Hospice comes of age with new plan to care for patients in own homes


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A hospice celebrating its 21st anniversary is planning to extend its outreach services to care for patients in their own homes.

The idea is one of the key aims of a new five-year strategy launched by St Kentigern Hospice in St Asaph which also calls for more Government-funding for hospices.

The hospice provides unparalleled care for those with life-threatening and terminal illness, but currently has to rely on 80 per cent of its income from the generous donations of the public.

The proposed Hospice in the Home outreach programme will complement the current day therapy, in-patient accommodation and respite care services provided there.

It is also hoped to add to the number of in-patient facilities at the hospice, provide more staff training, research and development as well as forging stronger information and research links with Betsi Cadwaladr University Health Board’s palliative care team.

The 16-page 2016-2021 strategy is the result of lengthy consultations with community members, hospice staff and medical professionals across the region

After a marathon community fundraising effort, St Kentigern Hospice opened its doors for day patients 21 years ago in 2005, going on to offer its first in-patient facilities in 2000.

Mr Jones said: “The 21st anniversary has been a time to reflect on the huge achievements made and the hurdles overcome in recent years, but it’s also time to look forward at the continued strides we want to make and the need to deliver optimal standards of palliative care to patients across our community in the future.

“While the hospice will continue to provide excellent in-house care, it has become clear that it is impossible to meet all the needs of the community purely from our on-site activity.

“As a result the management board has committed itself to further developing services within the wider community in partnership with statutory and non-statutory organisations.

That includes offering greater flexibility of service and, through the Hospice at Home project, striving to increase support for family carers challenged with looking after loved ones in their own homes.”

Mr Jones added: “When I first joined the team the economic climate was bleak and the hospice encountering tough times financially, we had to make some difficult decisions, some cutbacks.

“Everyone has worked hard to get through that period and we have started to re-build. Now we are in a position to look at how we can continue to provide the best services possible here within the hospice itself and also to further develop our outreach services helping people benefit from our first class specialist care in their own homes.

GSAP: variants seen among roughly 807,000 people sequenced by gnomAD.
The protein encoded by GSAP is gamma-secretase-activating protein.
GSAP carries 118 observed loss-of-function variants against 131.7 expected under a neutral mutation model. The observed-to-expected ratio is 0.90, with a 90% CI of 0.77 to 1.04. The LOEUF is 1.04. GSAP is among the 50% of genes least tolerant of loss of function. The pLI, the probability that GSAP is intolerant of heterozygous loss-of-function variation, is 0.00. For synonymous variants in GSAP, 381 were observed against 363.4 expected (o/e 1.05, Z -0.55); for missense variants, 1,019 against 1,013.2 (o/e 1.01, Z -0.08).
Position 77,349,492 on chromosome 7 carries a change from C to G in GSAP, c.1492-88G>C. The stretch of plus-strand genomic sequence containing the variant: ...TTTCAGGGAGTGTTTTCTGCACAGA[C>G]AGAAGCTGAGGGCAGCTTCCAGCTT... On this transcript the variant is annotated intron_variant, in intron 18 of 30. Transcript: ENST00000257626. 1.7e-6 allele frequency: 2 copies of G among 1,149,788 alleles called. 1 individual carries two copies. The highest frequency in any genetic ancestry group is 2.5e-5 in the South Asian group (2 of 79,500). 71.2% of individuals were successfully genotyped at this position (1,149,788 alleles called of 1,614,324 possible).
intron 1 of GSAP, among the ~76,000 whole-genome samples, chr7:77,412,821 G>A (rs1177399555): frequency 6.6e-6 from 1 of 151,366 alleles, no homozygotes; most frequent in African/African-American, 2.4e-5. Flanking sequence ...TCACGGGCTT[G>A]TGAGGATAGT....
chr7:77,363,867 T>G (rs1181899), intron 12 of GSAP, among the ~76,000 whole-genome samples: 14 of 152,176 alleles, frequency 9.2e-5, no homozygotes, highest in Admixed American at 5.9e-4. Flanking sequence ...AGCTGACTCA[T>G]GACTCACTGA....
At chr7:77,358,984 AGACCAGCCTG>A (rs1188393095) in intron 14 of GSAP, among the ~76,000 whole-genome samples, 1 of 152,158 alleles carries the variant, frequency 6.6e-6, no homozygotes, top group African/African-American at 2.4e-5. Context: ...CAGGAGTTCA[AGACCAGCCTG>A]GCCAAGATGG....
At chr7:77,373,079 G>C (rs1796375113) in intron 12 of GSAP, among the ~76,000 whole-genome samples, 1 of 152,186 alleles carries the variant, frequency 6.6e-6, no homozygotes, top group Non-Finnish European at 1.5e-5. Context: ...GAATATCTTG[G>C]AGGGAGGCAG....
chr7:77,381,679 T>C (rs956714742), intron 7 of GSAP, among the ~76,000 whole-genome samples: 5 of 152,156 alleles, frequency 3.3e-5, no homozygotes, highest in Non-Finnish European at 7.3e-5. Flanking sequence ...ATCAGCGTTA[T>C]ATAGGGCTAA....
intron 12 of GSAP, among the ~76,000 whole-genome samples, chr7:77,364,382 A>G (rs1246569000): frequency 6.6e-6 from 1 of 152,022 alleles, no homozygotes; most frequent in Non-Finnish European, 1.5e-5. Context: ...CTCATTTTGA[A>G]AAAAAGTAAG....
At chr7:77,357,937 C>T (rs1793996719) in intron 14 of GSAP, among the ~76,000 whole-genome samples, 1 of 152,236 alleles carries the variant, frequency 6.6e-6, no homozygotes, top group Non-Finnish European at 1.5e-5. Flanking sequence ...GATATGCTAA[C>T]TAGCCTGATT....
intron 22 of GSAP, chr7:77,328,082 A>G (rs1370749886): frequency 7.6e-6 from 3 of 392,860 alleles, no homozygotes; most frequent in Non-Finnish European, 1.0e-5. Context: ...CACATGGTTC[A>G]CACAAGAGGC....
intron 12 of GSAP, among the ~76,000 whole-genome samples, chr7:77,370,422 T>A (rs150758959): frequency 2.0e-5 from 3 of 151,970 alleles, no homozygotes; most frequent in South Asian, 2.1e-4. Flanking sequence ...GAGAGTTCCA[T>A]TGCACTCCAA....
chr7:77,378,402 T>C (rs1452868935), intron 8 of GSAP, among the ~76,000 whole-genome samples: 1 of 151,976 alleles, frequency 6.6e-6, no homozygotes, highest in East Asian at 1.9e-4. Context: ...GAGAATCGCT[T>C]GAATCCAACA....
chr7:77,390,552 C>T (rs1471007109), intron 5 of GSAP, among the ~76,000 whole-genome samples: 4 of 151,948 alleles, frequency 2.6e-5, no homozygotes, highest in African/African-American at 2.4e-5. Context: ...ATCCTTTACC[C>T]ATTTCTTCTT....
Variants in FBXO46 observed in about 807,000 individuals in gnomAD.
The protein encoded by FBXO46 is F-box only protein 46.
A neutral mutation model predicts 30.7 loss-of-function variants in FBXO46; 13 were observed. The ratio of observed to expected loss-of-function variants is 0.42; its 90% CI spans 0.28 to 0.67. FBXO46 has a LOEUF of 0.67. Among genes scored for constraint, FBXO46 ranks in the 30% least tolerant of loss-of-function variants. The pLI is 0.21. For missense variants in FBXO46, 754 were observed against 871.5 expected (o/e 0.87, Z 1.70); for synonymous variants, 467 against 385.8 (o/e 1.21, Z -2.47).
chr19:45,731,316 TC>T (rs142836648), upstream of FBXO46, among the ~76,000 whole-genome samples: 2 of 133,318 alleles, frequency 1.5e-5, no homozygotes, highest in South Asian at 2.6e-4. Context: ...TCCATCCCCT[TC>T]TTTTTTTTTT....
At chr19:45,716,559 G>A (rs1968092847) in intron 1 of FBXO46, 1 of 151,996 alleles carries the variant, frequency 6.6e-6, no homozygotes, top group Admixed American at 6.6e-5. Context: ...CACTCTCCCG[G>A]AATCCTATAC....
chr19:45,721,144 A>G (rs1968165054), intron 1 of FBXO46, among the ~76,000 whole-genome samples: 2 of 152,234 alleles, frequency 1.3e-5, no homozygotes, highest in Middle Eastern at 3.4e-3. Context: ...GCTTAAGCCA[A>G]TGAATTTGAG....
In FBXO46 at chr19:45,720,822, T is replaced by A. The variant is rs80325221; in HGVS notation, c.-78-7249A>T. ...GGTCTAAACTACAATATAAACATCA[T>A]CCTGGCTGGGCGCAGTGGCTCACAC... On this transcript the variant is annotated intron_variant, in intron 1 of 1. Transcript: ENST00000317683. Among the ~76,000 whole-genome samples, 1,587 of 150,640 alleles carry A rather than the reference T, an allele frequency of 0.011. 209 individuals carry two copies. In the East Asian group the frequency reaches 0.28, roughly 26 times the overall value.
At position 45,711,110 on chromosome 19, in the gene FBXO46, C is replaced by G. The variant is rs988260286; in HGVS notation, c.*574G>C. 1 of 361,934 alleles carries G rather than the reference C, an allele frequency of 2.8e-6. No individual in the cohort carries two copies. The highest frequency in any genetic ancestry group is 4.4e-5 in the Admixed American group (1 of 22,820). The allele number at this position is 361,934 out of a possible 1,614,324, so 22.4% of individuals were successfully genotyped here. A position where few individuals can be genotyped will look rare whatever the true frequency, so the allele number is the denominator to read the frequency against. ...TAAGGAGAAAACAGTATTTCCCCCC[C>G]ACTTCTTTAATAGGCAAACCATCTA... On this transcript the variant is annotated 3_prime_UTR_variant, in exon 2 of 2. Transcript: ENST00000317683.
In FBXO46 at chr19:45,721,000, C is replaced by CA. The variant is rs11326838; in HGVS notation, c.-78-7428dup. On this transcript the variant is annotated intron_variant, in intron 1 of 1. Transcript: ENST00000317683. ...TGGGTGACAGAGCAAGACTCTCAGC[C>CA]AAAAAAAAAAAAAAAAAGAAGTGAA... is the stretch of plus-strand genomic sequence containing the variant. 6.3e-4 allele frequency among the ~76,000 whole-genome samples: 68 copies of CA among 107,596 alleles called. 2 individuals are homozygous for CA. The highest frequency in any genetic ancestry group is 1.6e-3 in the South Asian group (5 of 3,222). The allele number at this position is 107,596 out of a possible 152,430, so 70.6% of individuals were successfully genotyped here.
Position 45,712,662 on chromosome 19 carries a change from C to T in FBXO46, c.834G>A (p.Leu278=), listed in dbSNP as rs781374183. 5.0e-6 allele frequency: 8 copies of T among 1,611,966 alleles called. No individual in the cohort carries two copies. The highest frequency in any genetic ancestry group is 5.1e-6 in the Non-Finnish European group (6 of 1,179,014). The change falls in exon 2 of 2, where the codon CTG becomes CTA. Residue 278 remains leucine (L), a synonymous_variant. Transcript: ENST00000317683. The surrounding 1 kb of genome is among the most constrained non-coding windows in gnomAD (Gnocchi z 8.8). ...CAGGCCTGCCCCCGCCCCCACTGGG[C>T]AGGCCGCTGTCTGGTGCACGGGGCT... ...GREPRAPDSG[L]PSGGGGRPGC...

“We will also be looking, with financial caution, at the possibility of providing a few more in-patient facilities here on the St Kentigern site.”

The strategy launch was welcomed by Denbighshire County Council chairman, Councillor Ann Davies, who once volunteered at the hospice in its early days.

She said it provided an invaluable service to the local community and she was proud to have witnessed its continued development over the years.

She said: “The commitment of the staff who work here, the volunteers and all our community members who have relentlessly supported St Kentigern is to be admired. I welcome the strategic goals announced for the future and look forward to seeing this much loved hospice further develop over the coming five years and beyond.”

She said the hospice would be the beneficiary of her Chairman’s fund-raising appeal over the next year.

Cllr Bobby Feeley said the hospice’s warm, welcoming and friendly atmosphere was testimony to the high standards of service it provides.

She said: “It is commendable that it receives such unstinting support from local people here in St Asaph and the wider community as a whole has had a very real input into deciding which direction its development should take in the future.”

Hospice Chief Executive, Iain Mitchell, said the strategy had taken several months to formulate following talks with all relevant bodies, including the staff and the local community.

He said: “We wanted to gather together as many thoughts and ideas as possible, particularly from community members. It is after all their hospice. As managers we run it, but the community owns it and it is right that they should have the major say in how they would like to see this vital facility develop in the future. We made strident efforts to talk to as many interested parties as possible.

“We are pleased with the results and believe we have formulated an exciting and workable strategy which will see the hospice thrive well into the 2020s.”

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